The birds we saw and heard were species typical of southern piedmont pine lands, with the most common species being Summer Tanager, Prairie Warbler, Pine Warbler, Blue Grosbeak, and Brown-headed Nuthatch, always a treat to see away from the coast.  We also heard a Northern Bobwhite call a couple of times, only the second time I have ever encountered it.  Other notable birds were Yellow-breasted Chat and Hooded Warbler.

When we finished exploring the power line prairie, we accessed the preserve at another point, to keep looking for Barbara’s Buttons. Loblolly Pines grew above us, Willow Oak, Blackjack Oak, Post Oak, and Sourwood made a dense shrub layer. The herbaceous diversity was not nearly as high as it had been in the open power line corridor.

As we were finishing our lunch, heavy clouds came in and it started to pour.  We quickly ran back to the car to finish eating, complaining about how difficult the rain would make photography, and how generally unpleasant it was.  Right when we were about to go out again, a DCR truck pulled up and its driver asked if we were looking for wildflowers.  We said we were, and asked him if he could show us the site for Tall Barbara’s Buttons.  It turned out the driver was Chris Ludwig, Chief biologist of the Virginia Department of Conservation and Recreation’s Division of Natural Heritage.  He showed us a small colony of Tall Barbara’s Buttons (Marshallia legrandii), which, despite the still heavy rain, we photographed profusely.

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Tall Barbara’s Buttons

The pouring rain necessitated that we keep moving if we did not want to get soaked, so we asked Chris if he would show us a colony of the much more common (but still new to us) Piedmont Barbara’s Buttons (Marshallia obovata), which also grows at the preserve. He took us to a large colony, and I was surprised at how different the two Barbara’s Buttons were from each other. I had been prepared to measure the height of the stalk in order to tell one from the other, but found that Tall Barbara’s Buttons had deep pink flowers and Piedmont Barbara’s Buttons had pure white flowers.  I am sure flower color in these species is somewhat variable, and I am very curious as to the color of Tall Barbara’s Buttons at the other site it is known from in North Carolina, and to the color of other colonies of Piedmont Barbara’s Buttons.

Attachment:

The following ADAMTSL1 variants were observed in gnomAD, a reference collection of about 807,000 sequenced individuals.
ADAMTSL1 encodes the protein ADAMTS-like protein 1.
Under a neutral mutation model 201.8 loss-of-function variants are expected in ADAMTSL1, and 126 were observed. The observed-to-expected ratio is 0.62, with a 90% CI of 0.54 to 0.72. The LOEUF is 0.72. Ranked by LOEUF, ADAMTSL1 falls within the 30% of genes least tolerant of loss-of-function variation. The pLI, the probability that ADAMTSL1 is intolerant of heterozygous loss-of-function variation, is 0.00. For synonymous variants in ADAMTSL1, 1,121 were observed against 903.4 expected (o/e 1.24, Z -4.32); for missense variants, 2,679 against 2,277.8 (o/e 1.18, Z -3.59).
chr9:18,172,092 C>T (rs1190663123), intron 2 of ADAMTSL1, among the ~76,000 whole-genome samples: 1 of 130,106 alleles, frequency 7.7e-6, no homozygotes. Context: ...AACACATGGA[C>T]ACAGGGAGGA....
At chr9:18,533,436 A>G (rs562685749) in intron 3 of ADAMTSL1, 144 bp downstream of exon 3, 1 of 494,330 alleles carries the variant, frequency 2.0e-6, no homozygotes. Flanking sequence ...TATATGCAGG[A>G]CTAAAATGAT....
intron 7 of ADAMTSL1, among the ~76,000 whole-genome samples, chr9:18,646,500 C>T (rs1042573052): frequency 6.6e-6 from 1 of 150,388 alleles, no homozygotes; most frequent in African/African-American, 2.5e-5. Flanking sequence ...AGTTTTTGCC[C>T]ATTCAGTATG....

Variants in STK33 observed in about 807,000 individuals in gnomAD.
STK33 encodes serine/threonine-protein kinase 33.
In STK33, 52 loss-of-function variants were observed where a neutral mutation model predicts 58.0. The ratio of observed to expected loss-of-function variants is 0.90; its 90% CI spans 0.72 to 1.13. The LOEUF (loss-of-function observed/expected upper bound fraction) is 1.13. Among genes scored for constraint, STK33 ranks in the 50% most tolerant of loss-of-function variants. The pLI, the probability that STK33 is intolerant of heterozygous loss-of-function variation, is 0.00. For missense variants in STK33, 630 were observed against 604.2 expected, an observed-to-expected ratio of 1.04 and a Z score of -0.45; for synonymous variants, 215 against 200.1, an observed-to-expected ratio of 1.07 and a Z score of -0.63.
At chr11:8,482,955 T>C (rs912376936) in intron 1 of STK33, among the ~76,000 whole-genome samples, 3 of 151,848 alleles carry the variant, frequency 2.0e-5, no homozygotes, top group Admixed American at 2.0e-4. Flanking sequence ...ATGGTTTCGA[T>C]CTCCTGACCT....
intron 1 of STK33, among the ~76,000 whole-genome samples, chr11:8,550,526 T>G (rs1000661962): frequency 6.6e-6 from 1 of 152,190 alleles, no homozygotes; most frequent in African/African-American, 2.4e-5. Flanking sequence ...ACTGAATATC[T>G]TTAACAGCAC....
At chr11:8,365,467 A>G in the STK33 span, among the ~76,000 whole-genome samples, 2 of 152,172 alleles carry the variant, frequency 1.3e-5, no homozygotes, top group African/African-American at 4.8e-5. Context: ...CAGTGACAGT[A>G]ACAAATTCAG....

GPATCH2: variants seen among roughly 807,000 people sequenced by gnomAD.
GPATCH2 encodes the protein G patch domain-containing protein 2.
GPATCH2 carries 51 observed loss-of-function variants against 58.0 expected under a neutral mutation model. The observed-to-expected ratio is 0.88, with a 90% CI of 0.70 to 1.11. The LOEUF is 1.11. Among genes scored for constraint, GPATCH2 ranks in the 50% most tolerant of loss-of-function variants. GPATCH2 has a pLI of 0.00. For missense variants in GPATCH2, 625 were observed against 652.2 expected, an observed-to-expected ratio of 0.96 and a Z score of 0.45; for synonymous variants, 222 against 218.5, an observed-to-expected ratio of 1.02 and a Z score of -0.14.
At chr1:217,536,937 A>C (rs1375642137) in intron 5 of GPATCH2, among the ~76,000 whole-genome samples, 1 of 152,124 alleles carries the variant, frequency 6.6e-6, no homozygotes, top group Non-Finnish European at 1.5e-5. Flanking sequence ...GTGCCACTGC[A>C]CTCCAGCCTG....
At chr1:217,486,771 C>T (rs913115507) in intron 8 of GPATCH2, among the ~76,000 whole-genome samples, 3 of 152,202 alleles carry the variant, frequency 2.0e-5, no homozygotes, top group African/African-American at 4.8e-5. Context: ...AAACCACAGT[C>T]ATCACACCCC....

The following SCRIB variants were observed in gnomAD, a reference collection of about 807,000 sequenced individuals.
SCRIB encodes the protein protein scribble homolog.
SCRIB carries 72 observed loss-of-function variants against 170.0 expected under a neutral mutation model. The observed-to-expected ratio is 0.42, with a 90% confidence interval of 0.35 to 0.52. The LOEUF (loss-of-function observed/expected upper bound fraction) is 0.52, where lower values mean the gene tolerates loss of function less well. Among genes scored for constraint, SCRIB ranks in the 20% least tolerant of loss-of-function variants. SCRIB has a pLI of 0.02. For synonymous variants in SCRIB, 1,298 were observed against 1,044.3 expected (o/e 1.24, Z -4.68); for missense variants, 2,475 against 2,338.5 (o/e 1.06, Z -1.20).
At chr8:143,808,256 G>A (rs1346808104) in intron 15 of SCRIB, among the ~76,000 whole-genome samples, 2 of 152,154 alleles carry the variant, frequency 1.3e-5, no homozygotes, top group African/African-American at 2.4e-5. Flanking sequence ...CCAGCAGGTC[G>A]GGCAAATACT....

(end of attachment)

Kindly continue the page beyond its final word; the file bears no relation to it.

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Piedmont Barbara’s Buttons

Chris then showed us the few other plants we had missed on our first exploration of the power cut, such as Rattlesnake Master, and Glade Wild Quinine (we had seen Common Wild Quinine earlier, so we were able to compare the species). He also identified the strange sheep like sound of an amphibian we had been hearing all day as a Eastern Narrow-mouthed Toad (Gastrophryne carolinensis).

 

Chris also told us how DCR was managing Difficult Creek.  About 40 years ago, the preserve had been converted to a Loblolly Pine plantation from hardwood forest.  As the Pines grew, they forced the herbaceous flora into the adjacent power line clearing that we had just explored. The power line cut was mowed every couple of years, which kept woody plants from encroaching and cutting off light.  DCR’s plan is to restore the preserve to pine savanna, an open canopy of pines, oaks, and hickories maintained by fire, that would have historically occurred throughout the southern piedmont before the colonial period.  They hope to accomplish this by prescribed burns and Loblolly Pine removal, which would let more light reach the ground, allowing the plants to recolonize the preserve from the power line clearing.  In addition to this restoration regime providing fantastic habitat for so many rare southern piedmont plants, it would create ideal habitat for Northern Bobwhites.

We were thrilled by the success of our trip, and the thought of that rich power cut prairie spreading throughout the entire preserve.